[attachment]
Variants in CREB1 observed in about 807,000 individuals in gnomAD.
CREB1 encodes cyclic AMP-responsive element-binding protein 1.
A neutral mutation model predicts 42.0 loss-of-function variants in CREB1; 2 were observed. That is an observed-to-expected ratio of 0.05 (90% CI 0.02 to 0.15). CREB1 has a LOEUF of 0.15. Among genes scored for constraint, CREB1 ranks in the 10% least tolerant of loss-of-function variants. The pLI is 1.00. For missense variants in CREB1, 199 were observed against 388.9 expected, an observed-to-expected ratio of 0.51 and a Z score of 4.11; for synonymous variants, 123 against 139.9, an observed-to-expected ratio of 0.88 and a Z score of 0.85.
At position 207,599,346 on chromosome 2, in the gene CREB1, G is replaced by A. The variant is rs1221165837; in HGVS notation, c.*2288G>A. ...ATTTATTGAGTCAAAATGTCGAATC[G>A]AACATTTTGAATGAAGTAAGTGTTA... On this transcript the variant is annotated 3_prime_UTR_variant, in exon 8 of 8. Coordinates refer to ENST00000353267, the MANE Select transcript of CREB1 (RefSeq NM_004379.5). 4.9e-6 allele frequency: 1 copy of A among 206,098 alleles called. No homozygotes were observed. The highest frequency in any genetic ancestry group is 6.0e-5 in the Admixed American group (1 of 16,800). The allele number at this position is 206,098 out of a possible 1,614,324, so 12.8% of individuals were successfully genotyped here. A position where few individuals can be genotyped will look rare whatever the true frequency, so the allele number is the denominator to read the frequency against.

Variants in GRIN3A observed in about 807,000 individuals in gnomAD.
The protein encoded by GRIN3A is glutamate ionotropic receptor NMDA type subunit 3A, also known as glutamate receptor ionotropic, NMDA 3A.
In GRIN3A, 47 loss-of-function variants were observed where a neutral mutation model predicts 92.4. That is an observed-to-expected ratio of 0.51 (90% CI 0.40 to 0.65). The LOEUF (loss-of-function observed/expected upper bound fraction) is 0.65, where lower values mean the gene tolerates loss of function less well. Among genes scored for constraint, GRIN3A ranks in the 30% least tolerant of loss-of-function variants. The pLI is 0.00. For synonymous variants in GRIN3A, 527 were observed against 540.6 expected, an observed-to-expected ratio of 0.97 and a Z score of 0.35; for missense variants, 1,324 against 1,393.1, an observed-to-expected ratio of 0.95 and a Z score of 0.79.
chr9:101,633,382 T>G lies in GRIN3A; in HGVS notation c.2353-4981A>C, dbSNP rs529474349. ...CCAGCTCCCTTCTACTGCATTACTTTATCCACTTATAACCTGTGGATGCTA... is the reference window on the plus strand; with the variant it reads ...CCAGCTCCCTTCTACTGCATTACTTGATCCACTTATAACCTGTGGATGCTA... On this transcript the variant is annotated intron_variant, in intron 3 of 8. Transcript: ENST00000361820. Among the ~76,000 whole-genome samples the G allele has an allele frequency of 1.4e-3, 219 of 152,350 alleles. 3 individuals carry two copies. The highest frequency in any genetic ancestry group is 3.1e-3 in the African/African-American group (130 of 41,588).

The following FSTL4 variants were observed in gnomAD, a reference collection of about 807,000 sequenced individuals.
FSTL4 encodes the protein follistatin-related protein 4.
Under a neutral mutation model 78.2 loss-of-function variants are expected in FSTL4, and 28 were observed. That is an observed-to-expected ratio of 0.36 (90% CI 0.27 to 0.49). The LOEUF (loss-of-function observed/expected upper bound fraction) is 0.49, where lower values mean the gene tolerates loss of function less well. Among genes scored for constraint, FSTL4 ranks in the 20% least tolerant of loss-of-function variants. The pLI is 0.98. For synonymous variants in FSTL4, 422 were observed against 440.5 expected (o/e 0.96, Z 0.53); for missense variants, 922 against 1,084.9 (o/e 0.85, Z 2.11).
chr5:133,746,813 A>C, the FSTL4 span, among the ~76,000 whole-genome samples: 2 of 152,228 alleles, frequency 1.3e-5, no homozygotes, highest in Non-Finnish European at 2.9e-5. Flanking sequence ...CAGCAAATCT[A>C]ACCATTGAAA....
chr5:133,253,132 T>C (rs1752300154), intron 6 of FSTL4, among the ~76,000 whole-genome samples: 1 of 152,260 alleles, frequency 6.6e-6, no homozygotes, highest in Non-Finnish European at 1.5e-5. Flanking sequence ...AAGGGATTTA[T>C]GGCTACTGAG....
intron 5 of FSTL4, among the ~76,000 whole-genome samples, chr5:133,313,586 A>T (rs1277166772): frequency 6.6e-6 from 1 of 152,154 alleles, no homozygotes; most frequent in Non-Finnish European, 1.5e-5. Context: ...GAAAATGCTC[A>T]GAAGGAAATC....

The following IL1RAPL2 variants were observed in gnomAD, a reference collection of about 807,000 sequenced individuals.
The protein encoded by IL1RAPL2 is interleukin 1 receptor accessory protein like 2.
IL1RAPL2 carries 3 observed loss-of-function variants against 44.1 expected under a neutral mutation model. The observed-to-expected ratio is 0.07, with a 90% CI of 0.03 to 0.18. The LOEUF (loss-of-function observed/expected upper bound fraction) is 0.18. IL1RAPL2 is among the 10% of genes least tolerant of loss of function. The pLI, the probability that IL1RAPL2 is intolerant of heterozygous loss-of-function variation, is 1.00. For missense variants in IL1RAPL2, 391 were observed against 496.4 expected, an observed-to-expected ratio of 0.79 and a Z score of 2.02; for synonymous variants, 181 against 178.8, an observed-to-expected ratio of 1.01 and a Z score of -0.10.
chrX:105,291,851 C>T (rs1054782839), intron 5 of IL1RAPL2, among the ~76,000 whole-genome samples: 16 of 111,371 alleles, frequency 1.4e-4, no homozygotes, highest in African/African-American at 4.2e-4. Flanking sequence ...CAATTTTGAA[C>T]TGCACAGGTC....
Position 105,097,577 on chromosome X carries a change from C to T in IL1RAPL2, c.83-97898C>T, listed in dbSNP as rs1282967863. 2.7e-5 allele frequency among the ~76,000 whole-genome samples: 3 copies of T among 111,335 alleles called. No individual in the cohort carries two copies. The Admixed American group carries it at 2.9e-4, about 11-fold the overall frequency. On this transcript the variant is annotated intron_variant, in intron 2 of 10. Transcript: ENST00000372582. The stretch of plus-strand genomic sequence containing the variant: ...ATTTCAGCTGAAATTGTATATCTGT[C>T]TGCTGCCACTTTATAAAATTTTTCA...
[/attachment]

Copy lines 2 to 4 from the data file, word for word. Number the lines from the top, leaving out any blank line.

CREB1 encodes cyclic AMP-responsive element-binding protein 1.
A neutral mutation model predicts 42.0 loss-of-function variants in CREB1; 2 were observed. That is an observed-to-expected ratio of 0.05 (90% CI 0.02 to 0.15). CREB1 has a LOEUF of 0.15. Among genes scored for constraint, CREB1 ranks in the 10% least tolerant of loss-of-function variants. The pLI is 1.00. For missense variants in CREB1, 199 were observed against 388.9 expected, an observed-to-expected ratio of 0.51 and a Z score of 4.11; for synonymous variants, 123 against 139.9, an observed-to-expected ratio of 0.88 and a Z score of 0.85.
At position 207,599,346 on chromosome 2, in the gene CREB1, G is replaced by A. The variant is rs1221165837; in HGVS notation, c.*2288G>A. ...ATTTATTGAGTCAAAATGTCGAATC[G>A]AACATTTTGAATGAAGTAAGTGTTA... On this transcript the variant is annotated 3_prime_UTR_variant, in exon 8 of 8. Coordinates refer to ENST00000353267, the MANE Select transcript of CREB1 (RefSeq NM_004379.5). 4.9e-6 allele frequency: 1 copy of A among 206,098 alleles called. No homozygotes were observed. The highest frequency in any genetic ancestry group is 6.0e-5 in the Admixed American group (1 of 16,800). The allele number at this position is 206,098 out of a possible 1,614,324, so 12.8% of individuals were successfully genotyped here. A position where few individuals can be genotyped will look rare whatever the true frequency, so the allele number is the denominator to read the frequency against.